Video Game Review: Ark: Survival Evolved
Maybe J.K. Simmons knows where to get a deal on dino insurance.
Ark: Survival Evolved is a gigantic game by the folks at Wildcard Studios and Instinct Games. In it, you create a character to take to a dangerous island inhabited with all sorts of long-extinct and fantastic creatures such as raptors, mammoths and even yetis! Other survivors (players) also roam the map in hopes of surviving as long as they can. You can either aid them… or become a hindrance.
You start naked on a beach with nothing more than a strange diamond-like gem embedded into your arm. Pressing “circle” brings forth a digital menu from said gem, and then you’re tasked with your first real challenge of Ark: the interface.
Originally, the game was developed strictly for PC (for which it’s technically still in Early Access), and the trials and tribulations of converting a mouse-based inventory management system to one based on thumb-stick selection proves to be quite difficult.
It’s not unusual to accidentally shift around the wrong item or craft the wrong thing, as there seems to be a split second of latency when making quick menu adjustments. As long as you slow down and really pay attention to where your selection cursor is, then you won’t have a problem — then again, when you’re freezing to death and need to quickly build a campfire you’re at the mercy of the interface as much as you are the elements.
Through and through, Ark is a game about survival, and it gets deep. Not only can you craft houses, build forges, and explore ruins, but you may also tame dinosaurs and even put frigging saddles on them!
It takes a bit of time depending on the dinosaur, and methods of taming vary between species, but few things are more satisfying than knocking a Triceratops unconscious and stuffing berries down his throat until he loves you enough to let you ride him.
Flying creatures may also be tamed, but unless you’ve upgraded your tech accordingly then it’s quite a challenge knocking out a Pterodactyl or Terror Bird.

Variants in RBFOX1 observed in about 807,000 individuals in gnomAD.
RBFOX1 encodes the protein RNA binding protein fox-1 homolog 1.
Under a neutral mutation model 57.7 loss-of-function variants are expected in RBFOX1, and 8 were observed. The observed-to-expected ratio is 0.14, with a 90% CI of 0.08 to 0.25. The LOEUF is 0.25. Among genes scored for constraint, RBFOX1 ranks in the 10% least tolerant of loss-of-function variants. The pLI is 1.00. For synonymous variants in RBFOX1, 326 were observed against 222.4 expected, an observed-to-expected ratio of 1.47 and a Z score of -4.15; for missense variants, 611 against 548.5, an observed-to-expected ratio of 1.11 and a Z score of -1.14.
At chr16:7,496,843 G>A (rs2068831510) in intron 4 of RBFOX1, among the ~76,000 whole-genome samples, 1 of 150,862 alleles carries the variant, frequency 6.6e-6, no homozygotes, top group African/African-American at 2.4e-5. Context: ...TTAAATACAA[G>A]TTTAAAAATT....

Speaking of tech, there’s an absolute plethora of things to build. Maybe you want to build a pen to hold all of your dodo birds and get them to mate. Go ahead! Sick of looking for a certain type of plant? Find some seeds and pipe some water in from the river to grow your own!
Not all the tech is just for building of course, as there are plenty of axes, spears, guns and other various pieces of gear waiting to be crafted. We’re not big crafting fans — it has become something of a buzz term during this generation of gaming and many titles shoehorn it in for crafting’s sake — but Ark is a game in which it’s actually not mind-numbingly boring to create things.
Ark allows people to join PvP or PvE servers, but either one right now comes with a certain amount of griefing possibilities. In PvP there exists Mega Tribes formed by players that pretty much have a run of the place. If you don’t play by their rules there, you can count on your character being knocked out or jailed, and being force-fed your own feces.
In a PvE server it’s not so much aggressive players hunting you down, as they can’t damage you in a PvE environment, but they can certainly kite a bunch of angry dinosaurs to your base and have it get stomped down in seconds. Thanks, guys!
Griefing aside, Ark: Survival Evolved is a great way to relax and spend some time with your friends. We played with a buddy for about five and a half hours a few nights back and it felt like mere moments. Even with the truckload of bugs and glitches the game currently has, it’s an extremely fun time.
Speaking of which, one thing about glitches on the PlayStation 4 version that we’ve noticed is that they’re rapidly disappearing, as the folks who made the game have been feverishly patching issues and working to enhance the gameplay.
Ark: Survival Evolved on the PlayStation 4 also marks Sony’s first real venture into Early Access gaming, and hopefully it opens the door nice and wide so other great games like this can get more and more players.
Ark: Survival Evolved is shaping up nicely, and there’s no indication that it’ll cease to do so anytime soon. What we have is a unique survival game that really feels like it’s about survival, as hunger, thirst and fatigue all play massive roles in the game. Almost as massive as a Titanosaur.